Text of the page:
A difference between my Seminar and this year’s version is that the 2011 group had several panels of experts discuss and/or debate the historiographical nature of the field. I sat in on one on the Vietnam War before giving my talk about the Soviet war in Afghanistan. The panel was quite informative, entertaining and drew a small group of visitors—faculty from other West Point departments and historians at a few other universities in the nearby area. (I am afraid my talk based on a chapter from my book on the boycott of the 1980 Olympics kept in line with the tradition of military officers doing better than the civilians; my contribution was part of a speakers series rather than a distinguished speakers series.) The Seminar also spent a day at the Roosevelt Presidential Library touring the museum part of the complex and learning about the archives.
The cadre for the program are very good about looking at major military developments across the globe. In this sense, the military history they teach is world history. A shortcoming of the West Point program when I attended and that still remains ten years later is that it focuses on ground power. The program pretty much ignores naval and air power. Of course, that omission reflects the major focus of military history. Few historians in the United States or in any other country focus on the other mediums in which militaries project force. The majority write about armies rather than navies or air forces.
Another unexpected benefit of the Seminar was that I developed a network of friends and peers that I have relied on time and time again. More than 10 years later the group as a whole is still in touch with one another. Having a group of friends and peers in your area of expertise is an amazing asset. To give you just one example, since 1999 I have attended a number of conferences and at least one other person from my seminar has been there; a number of us have put together conference panels. I should add that I dedicated my third book to the Fellows in my year group.)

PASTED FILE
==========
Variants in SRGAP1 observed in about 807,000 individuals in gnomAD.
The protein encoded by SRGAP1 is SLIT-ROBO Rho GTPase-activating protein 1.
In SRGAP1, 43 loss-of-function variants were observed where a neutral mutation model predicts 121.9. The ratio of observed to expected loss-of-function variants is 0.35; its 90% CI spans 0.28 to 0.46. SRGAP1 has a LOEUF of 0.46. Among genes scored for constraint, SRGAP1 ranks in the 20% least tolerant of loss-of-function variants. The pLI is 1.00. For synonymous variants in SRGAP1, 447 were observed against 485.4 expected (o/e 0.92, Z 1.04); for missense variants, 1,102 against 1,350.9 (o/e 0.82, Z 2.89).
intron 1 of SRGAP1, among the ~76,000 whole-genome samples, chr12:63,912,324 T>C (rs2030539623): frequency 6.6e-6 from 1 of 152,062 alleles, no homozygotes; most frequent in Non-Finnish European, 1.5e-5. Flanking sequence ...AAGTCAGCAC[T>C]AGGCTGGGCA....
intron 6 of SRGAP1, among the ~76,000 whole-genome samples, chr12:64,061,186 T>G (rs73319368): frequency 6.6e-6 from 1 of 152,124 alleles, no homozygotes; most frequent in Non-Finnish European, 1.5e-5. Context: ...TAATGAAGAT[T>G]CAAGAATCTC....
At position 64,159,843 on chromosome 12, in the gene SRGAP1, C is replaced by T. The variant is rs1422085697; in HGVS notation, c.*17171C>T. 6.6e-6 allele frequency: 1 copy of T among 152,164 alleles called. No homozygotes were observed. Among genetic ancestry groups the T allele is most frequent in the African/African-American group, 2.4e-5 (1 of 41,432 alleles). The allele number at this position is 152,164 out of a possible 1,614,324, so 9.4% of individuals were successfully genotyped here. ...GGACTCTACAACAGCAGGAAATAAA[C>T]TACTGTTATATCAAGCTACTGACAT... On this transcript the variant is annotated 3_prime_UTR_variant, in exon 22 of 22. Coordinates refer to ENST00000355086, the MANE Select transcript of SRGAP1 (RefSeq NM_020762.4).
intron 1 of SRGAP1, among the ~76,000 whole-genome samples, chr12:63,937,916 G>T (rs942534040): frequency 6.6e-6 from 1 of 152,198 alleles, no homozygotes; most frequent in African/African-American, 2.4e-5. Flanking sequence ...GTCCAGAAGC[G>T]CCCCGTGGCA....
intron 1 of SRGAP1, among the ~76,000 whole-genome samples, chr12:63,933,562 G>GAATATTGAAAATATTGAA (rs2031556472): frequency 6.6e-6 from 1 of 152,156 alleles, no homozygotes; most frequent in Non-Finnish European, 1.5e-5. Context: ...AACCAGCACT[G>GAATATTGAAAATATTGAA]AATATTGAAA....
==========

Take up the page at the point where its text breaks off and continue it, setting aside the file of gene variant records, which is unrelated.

I would strongly recommend people consider attending a summer program be it the West Point Summer Seminar or another one while they can. These modules are often three to six weeks in length and it is difficult to take that much time if you are married or have children of a certain age. A number of different institutions sponsor them. The best known are the Summer Seminars and Summer Institutes that the National Endowment for the Humanities sponsor. (Every year the number, topics, and locations change. Go to the NEH website to see if they are sponsoring a program you would like to participate in). These types of endeavors often provide house and/or stipends for their participants.
I would also recommend that you attend a program that allows you to build on your expertise but also stretch a little. For example, if you are a historian of Victorian England attending a seminar that focuses on the United Kingdom in the nineteenth century is not going to give much, nor is attending a program on modern Latin America, but perhaps one that focuses on British Imperial history in the 19th and 20th Centuries would be right. I attended three other summer institutes: one that examined security studies and was geared more towards political science, a weekend long program that focused on teaching security studies, and a six week long NEH seminar on sport history. These all helped this diplomatic historian develop expertise in strategy—which I know teach—and military and sport history, which was very important in helping him write a book about the 1980 Olympic boycott.